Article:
People ask me why I criticize people publicly instead of trying to address my concerns with them privately. The answer to that is that I am invariably responding to something that someone has done publicly. If they have done something potentially harmful publicly, it needs to be challenged publicly because in this case, the response is not necessarily about directly educating the individual but about mitigating the potential harm of their actions. In some (if not most) cases, it is unlikely that I have any real potential of reaching that person directly. An example of this is my twitter response to Meryl Streep’s Golden Globes speech.

People seemed very concerned that Meryl Streep would change her already purely sentimental stance that people shouldn’t bully disabled people to an active undermining of disability rights simply because I dared to point out that her speech didn’t actually achieve anything for disabled people and in fact effectively used the stereotype of the disabled victim to galvanize emotional support for a broader anti-Donald Trump message.

I was hardly the only disabled person who was concerned about the fact that a vague mention of “being nice to disabled people” was being treated like cutting edge disability rights activism. As Jay Ruckelshaus–who wrote not about Streep but political discussions of disability generally–pointed out in the New York Times,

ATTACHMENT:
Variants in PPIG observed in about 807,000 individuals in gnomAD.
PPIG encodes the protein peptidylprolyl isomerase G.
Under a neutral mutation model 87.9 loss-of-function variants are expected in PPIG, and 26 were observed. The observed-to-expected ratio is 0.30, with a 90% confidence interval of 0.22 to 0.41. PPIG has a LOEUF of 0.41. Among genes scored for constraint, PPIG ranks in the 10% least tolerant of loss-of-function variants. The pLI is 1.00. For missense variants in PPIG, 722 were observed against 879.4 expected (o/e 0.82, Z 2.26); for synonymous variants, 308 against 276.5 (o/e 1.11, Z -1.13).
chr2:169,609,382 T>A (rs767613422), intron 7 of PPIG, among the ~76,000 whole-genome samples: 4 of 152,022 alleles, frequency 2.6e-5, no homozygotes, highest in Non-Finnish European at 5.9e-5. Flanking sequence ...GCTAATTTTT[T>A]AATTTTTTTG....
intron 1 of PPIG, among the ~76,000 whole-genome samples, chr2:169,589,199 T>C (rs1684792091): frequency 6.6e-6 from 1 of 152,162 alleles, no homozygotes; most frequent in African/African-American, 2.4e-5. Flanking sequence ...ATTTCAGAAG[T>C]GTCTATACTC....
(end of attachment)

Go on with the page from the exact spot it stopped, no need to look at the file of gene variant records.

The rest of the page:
That a statement on disability garnered sympathy from across the political spectrum was unsurprising, at least to me. I’ve grown used to my wheelchair trumping (forgive me) other political and moral concerns. Rarely, if ever, do people contest my claims that we must do more for those with disabilities: Greater access? Better employment training? More flexible school curriculums?…

Initially, this harmony would seem helpful. Free from partisan discord, advancements for the approximately 57 million Americans with disabilities should be easier to achieve, borne aloft by the wings of certain progress. Why, then, do rampant unemployment and educational disparities endure, and why does success remain the exception?

I think part of the reason is the insulation of our pro-disabled political consensus. Its logic is rooted not in any deep belief in the equal worth of citizens with disabilities, but rather in a general aversion to disability. This is related to the charity impulse that has always surrounded disability — and has constrained liberation efforts by assuming that inequities are unfortunate but natural realities to be mitigated through compassion, rather than politically structured injustices. There is also a profound lack of disabled people in the public sphere, meaning any substantive discussion that does occur is extremely rare.

Many have convinced themselves that positive sentiment is an effective stand-in for meaningful action. Unfortunately, that action has rarely if ever followed on the heels of a call for sentiment, that did not demand action for disabled people.

The irony is, I don’t even know if Meryl Streep is aware that disabled people criticized her speech. She hasn’t addressed it, and yet people were so very concerned that she would rescind her already rather ineffective support as a result of it.

I can just imagine the conversation that almost definitely didn’t actually happen (#alternativefacts)